What are the best ways to measure the impact of HIPs, quantitatively and qualitatively?

Kuh: You have to be able to track students. Tracking student persistence term-to-term, year-to-year to degree completion is vital; do students persist to the next term and beyond the next term? Do they actually complete the degree? I don't know of an institution that has done that kind of tracking and hasn't found the positive effects that we've been talking about here. I don't want to discount the so-called indirect stuff. We can call it indirect, but the educational portfolio-- the portfolio that's 11th, so-called newest HIP, that is very, very powerful. And, remember, without the reflection piece, uh, the HIP, the student's not likely to realize the kinds of deep learning effects that a HIP promises. So let's not throw those babies out with that bath water. You know, these reflection papers are very, very important, provided students are getting feedback on the quality of their reflections both from faculty, staff, as well as peers.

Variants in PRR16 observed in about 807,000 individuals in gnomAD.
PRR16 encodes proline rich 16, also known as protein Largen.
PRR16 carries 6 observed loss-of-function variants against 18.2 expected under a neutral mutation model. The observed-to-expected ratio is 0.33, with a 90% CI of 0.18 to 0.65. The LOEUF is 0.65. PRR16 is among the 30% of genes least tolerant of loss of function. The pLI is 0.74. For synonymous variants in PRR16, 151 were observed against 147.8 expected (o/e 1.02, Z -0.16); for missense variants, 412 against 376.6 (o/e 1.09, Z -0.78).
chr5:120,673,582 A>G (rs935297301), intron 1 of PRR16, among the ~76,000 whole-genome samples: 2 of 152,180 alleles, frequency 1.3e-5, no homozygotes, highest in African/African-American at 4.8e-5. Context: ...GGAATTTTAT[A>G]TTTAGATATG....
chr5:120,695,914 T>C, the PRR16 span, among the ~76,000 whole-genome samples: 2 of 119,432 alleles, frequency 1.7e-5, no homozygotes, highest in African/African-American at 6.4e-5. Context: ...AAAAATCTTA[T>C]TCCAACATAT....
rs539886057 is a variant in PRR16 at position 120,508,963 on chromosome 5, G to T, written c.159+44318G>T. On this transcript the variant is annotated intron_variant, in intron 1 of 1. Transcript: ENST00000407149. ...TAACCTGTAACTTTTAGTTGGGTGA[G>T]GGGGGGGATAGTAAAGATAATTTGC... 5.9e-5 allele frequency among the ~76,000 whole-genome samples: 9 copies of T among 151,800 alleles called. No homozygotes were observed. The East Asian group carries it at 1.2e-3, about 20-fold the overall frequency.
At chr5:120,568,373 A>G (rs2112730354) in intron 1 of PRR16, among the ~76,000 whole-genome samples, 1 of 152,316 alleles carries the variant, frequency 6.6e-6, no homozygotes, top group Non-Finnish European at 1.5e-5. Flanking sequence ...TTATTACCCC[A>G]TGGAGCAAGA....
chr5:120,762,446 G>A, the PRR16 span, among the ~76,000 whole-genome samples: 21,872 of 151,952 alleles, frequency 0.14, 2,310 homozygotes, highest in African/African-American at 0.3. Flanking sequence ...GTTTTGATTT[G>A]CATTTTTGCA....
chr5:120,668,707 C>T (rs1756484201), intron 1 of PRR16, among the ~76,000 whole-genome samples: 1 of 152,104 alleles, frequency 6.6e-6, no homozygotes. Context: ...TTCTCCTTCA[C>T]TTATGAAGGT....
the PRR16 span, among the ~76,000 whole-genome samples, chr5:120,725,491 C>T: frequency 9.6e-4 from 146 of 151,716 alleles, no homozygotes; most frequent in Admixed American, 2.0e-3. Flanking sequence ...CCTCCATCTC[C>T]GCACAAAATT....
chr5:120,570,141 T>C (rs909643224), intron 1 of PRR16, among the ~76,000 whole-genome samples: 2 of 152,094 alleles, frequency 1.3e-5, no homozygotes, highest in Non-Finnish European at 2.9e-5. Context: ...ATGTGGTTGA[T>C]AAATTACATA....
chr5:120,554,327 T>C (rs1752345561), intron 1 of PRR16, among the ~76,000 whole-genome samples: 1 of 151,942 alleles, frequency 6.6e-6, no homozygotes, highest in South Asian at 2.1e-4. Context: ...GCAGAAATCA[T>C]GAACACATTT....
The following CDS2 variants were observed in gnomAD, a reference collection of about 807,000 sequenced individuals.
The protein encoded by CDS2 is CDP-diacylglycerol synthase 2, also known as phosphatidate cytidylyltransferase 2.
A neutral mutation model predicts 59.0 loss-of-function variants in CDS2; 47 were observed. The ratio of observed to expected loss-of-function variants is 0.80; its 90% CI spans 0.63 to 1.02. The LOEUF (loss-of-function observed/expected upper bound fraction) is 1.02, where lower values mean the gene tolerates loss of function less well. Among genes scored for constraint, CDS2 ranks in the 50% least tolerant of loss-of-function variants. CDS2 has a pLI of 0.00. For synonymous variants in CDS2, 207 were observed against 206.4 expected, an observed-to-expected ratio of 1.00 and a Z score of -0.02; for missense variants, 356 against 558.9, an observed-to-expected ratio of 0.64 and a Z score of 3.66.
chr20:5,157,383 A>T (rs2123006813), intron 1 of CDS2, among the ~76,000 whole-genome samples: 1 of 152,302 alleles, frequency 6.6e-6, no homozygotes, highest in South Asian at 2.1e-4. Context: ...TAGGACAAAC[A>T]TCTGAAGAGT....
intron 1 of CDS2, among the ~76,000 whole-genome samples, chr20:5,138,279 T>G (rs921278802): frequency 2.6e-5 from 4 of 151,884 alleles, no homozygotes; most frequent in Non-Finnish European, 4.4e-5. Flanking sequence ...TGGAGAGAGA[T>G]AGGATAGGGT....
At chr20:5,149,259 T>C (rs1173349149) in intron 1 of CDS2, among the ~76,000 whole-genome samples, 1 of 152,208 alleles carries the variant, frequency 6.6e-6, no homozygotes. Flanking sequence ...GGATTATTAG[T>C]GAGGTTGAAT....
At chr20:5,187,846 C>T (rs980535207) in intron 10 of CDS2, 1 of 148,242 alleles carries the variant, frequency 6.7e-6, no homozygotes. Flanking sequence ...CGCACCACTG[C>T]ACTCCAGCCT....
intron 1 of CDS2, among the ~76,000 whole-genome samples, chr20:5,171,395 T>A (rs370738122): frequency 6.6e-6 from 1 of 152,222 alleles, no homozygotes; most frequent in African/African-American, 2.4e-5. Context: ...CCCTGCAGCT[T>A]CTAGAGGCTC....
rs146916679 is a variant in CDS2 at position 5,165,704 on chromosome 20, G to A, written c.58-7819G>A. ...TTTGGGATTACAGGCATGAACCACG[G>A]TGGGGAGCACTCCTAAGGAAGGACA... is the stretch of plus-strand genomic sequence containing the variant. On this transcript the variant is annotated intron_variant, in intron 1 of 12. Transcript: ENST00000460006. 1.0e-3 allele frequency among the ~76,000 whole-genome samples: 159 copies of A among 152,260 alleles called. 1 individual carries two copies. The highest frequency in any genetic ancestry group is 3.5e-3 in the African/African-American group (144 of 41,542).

Can structured student leadership positions be recognized as an official HIP, and how can we facilitate this?

Kuh: Implementing structured conversations similar to those in the Iowa GROW model throughout the term or academic year is key. If you take the set of four questions (and Iowa GROW has more now) you start there and have these kinds of conversations with student leaders. Not only conversations with faculty, but also peer interactions are vital in enhancing the experience and learning outcomes for student leaders.